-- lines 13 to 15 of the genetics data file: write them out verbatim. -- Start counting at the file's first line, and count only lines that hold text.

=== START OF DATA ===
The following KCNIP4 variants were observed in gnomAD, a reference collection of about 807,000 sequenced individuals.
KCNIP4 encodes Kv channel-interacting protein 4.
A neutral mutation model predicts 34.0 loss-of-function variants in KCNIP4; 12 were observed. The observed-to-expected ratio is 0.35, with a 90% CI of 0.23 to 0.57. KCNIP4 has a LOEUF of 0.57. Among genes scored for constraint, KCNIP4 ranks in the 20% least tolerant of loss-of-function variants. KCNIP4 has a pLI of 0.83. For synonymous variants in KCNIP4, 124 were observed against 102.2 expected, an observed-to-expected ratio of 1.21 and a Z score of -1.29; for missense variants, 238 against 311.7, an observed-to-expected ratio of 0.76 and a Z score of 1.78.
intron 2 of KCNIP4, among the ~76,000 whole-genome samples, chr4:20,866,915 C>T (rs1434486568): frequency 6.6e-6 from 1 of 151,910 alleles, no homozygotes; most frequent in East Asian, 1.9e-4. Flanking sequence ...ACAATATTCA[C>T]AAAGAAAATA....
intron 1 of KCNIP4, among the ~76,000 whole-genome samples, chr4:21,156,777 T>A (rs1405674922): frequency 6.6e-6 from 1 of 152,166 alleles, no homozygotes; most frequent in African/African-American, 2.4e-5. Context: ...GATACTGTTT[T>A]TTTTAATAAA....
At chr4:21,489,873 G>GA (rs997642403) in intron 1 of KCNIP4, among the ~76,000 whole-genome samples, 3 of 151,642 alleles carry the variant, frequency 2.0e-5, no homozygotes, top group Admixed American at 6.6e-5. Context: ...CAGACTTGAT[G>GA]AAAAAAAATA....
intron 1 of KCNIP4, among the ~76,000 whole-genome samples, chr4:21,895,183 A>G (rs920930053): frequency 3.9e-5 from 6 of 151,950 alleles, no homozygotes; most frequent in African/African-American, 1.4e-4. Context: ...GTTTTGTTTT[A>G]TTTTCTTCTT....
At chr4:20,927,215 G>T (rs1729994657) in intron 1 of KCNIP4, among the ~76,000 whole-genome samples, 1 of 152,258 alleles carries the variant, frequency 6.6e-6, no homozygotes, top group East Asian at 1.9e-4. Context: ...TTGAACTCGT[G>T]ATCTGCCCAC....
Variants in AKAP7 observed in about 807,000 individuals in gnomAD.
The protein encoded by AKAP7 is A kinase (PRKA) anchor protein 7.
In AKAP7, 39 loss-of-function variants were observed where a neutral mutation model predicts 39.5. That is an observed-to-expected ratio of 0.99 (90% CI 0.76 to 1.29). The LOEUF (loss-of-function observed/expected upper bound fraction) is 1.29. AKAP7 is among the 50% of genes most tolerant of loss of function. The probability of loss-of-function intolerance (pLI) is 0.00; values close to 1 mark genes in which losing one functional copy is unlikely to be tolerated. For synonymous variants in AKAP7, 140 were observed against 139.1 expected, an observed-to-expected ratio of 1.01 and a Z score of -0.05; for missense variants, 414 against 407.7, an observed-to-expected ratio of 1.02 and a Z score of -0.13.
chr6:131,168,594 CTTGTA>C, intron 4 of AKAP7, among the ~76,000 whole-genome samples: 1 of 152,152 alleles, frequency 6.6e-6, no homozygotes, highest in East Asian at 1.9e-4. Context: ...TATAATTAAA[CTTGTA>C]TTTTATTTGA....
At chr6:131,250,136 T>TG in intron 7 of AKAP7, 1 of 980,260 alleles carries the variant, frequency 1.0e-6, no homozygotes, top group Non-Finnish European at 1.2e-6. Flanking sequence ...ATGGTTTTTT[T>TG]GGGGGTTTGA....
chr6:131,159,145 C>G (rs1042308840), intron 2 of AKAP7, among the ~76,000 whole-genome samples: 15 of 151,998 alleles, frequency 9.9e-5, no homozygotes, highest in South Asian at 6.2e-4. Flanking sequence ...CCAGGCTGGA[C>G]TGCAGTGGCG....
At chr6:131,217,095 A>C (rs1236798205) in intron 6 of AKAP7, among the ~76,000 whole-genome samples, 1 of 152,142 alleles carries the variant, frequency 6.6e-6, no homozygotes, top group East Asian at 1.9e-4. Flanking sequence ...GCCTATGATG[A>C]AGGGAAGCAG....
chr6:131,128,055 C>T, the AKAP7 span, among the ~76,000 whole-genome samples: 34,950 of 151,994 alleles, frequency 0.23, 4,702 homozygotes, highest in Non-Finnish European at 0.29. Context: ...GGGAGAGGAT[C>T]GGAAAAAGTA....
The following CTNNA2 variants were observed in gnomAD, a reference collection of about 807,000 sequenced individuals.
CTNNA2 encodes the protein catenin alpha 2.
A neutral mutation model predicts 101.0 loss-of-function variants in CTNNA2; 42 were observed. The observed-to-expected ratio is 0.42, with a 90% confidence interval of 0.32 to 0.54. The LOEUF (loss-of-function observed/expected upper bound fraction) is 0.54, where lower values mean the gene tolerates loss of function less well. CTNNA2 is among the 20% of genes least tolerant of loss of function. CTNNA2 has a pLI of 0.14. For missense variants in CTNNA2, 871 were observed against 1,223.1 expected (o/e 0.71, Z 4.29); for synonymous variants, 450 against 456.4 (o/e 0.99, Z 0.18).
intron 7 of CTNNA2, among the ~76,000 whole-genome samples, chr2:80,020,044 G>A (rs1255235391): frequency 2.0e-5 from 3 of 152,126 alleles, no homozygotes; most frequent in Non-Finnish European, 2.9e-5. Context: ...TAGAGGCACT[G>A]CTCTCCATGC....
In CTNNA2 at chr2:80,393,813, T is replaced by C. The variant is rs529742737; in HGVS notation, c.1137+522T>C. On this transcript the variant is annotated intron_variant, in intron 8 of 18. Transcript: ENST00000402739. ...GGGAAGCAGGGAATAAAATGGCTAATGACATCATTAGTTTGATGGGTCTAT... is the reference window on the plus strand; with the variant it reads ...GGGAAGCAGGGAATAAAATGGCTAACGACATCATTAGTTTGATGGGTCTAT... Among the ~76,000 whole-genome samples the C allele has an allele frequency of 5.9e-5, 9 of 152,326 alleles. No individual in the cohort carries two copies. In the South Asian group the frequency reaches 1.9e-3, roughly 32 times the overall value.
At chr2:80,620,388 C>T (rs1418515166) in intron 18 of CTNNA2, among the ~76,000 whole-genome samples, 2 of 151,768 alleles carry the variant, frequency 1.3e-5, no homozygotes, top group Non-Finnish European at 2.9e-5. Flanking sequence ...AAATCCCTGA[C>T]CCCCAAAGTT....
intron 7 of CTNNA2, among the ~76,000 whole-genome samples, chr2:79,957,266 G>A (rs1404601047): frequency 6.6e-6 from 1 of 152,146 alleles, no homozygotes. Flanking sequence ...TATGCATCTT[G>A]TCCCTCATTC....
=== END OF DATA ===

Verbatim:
At chr6:131,250,136 T>TG in intron 7 of AKAP7, 1 of 980,260 alleles carries the variant, frequency 1.0e-6, no homozygotes, top group Non-Finnish European at 1.2e-6. Flanking sequence ...ATGGTTTTTT[T>TG]GGGGGTTTGA....
chr6:131,159,145 C>G (rs1042308840), intron 2 of AKAP7, among the ~76,000 whole-genome samples: 15 of 151,998 alleles, frequency 9.9e-5, no homozygotes, highest in South Asian at 6.2e-4. Flanking sequence ...CCAGGCTGGA[C>G]TGCAGTGGCG....
At chr6:131,217,095 A>C (rs1236798205) in intron 6 of AKAP7, among the ~76,000 whole-genome samples, 1 of 152,142 alleles carries the variant, frequency 6.6e-6, no homozygotes, top group East Asian at 1.9e-4. Flanking sequence ...GCCTATGATG[A>C]AGGGAAGCAG....